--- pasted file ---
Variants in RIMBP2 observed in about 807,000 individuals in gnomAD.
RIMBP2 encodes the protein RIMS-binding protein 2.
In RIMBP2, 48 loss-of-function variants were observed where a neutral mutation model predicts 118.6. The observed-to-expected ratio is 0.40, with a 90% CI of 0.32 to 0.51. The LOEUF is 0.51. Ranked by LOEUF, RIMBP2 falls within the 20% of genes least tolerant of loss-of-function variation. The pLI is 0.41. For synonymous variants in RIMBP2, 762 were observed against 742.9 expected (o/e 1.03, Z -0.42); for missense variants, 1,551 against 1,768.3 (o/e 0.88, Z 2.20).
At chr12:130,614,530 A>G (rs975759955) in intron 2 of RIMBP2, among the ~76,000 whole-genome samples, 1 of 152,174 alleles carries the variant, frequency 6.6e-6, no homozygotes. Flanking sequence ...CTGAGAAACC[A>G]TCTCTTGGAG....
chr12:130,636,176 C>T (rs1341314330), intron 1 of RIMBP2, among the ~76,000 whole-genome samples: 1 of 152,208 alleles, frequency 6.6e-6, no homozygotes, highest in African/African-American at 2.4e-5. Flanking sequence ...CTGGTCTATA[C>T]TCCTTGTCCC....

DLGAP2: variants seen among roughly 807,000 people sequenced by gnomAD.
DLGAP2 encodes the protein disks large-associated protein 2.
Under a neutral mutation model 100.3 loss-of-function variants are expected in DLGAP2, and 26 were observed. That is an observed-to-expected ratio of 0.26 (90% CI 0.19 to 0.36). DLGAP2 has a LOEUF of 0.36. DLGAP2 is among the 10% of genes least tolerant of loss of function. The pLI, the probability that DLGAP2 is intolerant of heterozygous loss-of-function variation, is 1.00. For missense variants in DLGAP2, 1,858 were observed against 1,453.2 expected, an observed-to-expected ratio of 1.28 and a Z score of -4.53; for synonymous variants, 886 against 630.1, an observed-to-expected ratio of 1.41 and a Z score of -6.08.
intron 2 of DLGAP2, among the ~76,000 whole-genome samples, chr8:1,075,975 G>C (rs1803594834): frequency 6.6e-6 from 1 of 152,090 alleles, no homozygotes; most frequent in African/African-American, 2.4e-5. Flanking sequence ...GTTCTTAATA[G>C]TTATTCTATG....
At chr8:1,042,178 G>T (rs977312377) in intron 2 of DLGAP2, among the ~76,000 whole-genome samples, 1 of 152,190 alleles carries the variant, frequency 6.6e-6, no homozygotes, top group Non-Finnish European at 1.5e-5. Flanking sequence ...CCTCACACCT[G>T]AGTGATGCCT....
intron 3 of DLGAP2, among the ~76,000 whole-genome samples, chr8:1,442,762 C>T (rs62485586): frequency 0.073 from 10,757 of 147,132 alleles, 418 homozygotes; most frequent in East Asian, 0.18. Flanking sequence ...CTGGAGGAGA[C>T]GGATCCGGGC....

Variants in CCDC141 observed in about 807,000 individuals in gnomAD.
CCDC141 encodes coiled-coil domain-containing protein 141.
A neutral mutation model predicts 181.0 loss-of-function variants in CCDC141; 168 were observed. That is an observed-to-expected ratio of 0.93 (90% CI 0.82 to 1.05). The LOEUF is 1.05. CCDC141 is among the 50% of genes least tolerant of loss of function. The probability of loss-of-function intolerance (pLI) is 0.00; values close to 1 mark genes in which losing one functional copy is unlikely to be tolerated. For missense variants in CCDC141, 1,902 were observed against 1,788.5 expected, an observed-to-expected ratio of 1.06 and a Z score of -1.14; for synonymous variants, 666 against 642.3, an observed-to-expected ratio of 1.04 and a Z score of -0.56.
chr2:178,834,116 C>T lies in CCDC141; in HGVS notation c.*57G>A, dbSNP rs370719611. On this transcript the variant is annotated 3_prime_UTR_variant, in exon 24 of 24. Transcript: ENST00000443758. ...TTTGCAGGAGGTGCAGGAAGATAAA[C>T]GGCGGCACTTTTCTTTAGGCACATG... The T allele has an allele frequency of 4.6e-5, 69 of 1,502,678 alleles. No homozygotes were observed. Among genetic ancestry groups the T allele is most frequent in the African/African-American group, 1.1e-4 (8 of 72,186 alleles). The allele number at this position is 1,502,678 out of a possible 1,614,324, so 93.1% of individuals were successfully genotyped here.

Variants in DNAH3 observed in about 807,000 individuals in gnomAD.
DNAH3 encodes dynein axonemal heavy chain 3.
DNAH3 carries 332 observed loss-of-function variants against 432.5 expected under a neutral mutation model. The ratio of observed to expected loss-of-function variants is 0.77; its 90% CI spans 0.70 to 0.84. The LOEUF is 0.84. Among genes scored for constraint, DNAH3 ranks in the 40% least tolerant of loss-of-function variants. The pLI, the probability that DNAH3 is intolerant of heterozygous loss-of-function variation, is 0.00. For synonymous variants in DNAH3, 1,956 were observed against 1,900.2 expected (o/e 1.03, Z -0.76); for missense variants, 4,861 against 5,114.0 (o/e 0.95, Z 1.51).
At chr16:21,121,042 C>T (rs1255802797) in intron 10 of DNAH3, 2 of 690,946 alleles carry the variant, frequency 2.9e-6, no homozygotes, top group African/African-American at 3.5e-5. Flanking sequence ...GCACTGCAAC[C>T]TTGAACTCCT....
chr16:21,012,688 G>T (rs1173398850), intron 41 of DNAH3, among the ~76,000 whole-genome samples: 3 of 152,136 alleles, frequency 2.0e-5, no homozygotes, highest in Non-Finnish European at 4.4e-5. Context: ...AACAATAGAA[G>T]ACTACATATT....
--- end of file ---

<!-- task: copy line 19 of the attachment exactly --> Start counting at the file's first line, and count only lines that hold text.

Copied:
At chr16:21,121,042 C>T (rs1255802797) in intron 10 of DNAH3, 2 of 690,946 alleles carry the variant, frequency 2.9e-6, no homozygotes, top group African/African-American at 3.5e-5. Flanking sequence ...GCACTGCAAC[C>T]TTGAACTCCT....